Early Hemi Tech West Coast Willys Club

Jim Jordan of El Cajon, California has kindly offered a short review on the differences between Industrial and Marine Early Hemis versus Passenger Car Hemis when you are looking for a suitable motor for your Willys or any other hot rod. Many thanks to Jim for his detailed response from a recent West Coast Willys Club Willys Guys E-Mail list post.............

Sent: Saturday, July 11, 2009 10:31 PM
To: willysguys@westcoastwillysclub.com
Subject: [willysguys@westcoastwillysclub.com] Industial HEMI

I will try to give you a bit of what I know from my experiences. Before looking at anything, or buying or not buying it, have the owner give you the serial number which is located on the top block surface at the very front of the block.  There is a ½” wide pad just ahead of the valley cover with a stamped serial number.  Attached is a chart of the prefix of serial numbers identifying Chrysler motors and the model the motor was installed in.  All of these are passenger car motors. If, within the first three or four digits it has an “M” or “I” …it is a Marine or Industrial motor.  “Poly” motors had the same passenger block but with different pistons, cam, heads, rockers and valve covers.

 The 50s and 60s was still a time when it was common to order a car just the way you wanted it and the factory would sell or build just what you wanted.  This was particularly true for Industrial and Marine equipment. An industrial or marine motor was always found being use for that application. It would be a separate thesis to discuss why the many differences but the primary reason was that I and M motors were designed to, and needed to, run unendingly at lower RPM without failures. There were rare instances where passenger motors were used in an industrial or marine application.  One application could be in back-up generators so that parts were available locally at dealers.  So, just because the application was industrial, the motor could be a passenger motor. The odds are not good, but it could be. The serial number will most always tell you. Once in a great while a motor will show up with no serial number.  The guess is that it was a crate motor of some sort so one has to then study the heads and front of the block.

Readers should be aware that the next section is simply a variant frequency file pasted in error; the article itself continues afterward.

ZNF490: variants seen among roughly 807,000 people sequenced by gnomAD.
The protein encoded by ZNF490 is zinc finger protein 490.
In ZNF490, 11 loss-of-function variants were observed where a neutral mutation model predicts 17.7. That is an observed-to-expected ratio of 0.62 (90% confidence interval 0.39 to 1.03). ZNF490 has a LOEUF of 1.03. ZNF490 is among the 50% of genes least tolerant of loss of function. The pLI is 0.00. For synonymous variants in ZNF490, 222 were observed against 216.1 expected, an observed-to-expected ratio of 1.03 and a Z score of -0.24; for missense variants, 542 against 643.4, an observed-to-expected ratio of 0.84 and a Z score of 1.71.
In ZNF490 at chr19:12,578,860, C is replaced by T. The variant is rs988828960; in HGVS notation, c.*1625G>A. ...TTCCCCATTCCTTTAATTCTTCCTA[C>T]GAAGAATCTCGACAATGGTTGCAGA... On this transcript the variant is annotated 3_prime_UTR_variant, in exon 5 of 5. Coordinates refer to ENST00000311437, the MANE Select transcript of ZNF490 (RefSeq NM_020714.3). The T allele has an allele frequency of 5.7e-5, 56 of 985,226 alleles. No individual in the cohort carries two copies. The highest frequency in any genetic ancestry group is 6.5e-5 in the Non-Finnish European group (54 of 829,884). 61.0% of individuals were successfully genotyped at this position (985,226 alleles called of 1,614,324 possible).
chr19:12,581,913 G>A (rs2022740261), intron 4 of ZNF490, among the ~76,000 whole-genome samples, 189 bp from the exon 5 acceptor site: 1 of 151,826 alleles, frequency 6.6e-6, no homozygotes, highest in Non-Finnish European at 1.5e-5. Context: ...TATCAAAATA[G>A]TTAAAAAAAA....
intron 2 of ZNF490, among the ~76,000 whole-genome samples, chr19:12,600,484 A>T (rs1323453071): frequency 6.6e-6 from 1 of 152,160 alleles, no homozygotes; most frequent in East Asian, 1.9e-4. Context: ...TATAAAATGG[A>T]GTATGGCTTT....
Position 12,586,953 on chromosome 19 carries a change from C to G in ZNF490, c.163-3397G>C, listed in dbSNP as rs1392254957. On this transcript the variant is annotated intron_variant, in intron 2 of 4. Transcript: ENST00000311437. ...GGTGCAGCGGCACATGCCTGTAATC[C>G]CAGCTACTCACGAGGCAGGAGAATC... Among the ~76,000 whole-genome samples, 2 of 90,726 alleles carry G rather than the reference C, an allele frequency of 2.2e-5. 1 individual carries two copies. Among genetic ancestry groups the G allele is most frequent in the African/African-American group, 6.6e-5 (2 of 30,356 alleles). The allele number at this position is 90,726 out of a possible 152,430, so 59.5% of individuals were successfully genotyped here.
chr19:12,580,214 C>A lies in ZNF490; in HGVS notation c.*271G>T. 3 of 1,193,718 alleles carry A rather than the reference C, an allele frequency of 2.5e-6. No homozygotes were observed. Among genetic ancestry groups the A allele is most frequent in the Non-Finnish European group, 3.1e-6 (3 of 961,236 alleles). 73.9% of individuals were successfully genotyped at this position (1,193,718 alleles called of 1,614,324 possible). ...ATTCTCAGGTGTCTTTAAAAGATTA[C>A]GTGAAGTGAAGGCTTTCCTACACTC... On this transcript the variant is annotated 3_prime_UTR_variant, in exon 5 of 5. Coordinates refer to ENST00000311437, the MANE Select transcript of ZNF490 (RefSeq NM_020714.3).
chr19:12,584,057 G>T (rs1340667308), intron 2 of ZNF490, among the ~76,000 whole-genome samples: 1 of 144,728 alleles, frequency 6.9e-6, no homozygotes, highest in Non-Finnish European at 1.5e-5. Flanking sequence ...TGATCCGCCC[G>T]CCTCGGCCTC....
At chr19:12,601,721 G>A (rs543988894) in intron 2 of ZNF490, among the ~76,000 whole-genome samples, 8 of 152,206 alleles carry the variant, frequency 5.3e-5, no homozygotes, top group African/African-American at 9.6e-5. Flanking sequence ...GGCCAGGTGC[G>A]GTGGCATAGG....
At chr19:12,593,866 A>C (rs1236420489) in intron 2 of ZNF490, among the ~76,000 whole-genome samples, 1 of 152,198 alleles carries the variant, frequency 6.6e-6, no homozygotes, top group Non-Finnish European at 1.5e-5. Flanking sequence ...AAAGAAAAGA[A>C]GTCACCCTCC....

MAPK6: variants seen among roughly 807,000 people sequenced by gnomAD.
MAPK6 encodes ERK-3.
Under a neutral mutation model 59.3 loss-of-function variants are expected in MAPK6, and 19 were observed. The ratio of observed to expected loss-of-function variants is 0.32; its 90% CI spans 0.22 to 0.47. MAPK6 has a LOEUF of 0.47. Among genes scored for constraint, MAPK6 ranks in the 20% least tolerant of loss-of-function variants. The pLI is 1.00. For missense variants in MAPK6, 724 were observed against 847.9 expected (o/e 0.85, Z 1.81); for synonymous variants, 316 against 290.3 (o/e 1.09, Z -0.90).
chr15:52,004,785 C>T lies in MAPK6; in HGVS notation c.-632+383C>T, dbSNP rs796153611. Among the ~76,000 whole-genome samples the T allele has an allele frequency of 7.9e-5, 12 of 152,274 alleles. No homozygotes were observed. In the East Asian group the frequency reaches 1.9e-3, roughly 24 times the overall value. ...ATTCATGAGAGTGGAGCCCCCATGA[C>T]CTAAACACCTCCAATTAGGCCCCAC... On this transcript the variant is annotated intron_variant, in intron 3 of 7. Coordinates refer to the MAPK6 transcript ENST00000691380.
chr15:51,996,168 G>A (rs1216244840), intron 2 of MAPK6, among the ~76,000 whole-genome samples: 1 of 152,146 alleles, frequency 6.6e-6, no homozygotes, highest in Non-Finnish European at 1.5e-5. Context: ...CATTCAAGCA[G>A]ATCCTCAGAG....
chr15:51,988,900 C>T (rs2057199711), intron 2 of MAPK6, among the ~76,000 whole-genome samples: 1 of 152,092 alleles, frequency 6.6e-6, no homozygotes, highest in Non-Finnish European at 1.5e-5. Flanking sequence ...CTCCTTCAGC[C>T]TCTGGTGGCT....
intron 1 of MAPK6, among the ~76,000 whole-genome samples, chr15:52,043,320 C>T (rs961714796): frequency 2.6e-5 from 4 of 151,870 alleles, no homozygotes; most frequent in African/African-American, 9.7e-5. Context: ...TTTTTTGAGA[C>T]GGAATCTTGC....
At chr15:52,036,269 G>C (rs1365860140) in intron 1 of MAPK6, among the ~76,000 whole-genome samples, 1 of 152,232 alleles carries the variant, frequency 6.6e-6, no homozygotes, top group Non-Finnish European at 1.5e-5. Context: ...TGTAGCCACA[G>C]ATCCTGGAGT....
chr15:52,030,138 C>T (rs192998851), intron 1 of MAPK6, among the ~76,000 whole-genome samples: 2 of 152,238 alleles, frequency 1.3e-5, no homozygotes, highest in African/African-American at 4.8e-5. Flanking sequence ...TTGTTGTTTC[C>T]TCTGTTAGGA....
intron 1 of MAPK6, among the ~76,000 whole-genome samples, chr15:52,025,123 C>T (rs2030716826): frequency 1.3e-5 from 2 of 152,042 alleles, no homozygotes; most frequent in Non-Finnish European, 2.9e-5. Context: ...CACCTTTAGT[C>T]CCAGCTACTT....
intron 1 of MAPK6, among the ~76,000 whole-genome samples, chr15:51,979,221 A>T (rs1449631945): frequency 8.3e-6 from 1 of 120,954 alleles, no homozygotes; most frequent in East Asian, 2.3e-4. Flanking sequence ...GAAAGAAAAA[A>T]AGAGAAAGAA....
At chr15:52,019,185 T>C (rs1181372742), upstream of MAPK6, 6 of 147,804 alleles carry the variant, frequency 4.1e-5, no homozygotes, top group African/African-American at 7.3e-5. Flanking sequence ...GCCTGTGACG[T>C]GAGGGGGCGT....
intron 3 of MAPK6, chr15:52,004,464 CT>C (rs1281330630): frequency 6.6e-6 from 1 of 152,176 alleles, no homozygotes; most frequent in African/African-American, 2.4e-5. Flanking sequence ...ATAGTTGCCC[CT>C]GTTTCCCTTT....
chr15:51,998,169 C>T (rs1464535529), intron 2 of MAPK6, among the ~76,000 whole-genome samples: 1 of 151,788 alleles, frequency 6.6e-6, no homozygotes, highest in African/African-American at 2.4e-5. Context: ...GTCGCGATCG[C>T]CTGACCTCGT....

Essentially, I and M motors are parts donors for their rods, rocker assemblies and valve covers. The I and M cranks are different in the snouts, the blocks are different in the bolt and cooling patterns on the front of the block, the cams are different in lift, duration and their snouts.  Also, many marine motors were used where there were “twin motors” … and one was counter-rotating.  The heads will interchange but are different in cooling, etc.

 What one really wants is a 1955 – 58 passenger motor (having the non-extended block and having water ports in the ends of the heads) and a corresponding passenger serial ID.  Then, all the after-market aluminum and hot rod stuff will bolt onto it.

 Hope this is of some help

 JJJ

 

 


From:
Sent: Saturday, July 11, 2009 10:31 PM
To: willysguys@westcoastwillysclub.com
Subject: [willysguys@westcoastwillysclub.com] Industial HEMI

 Does anyone know what some of the differences might be between the industrial / truck Hemi's compared to a passenger car Hemi ?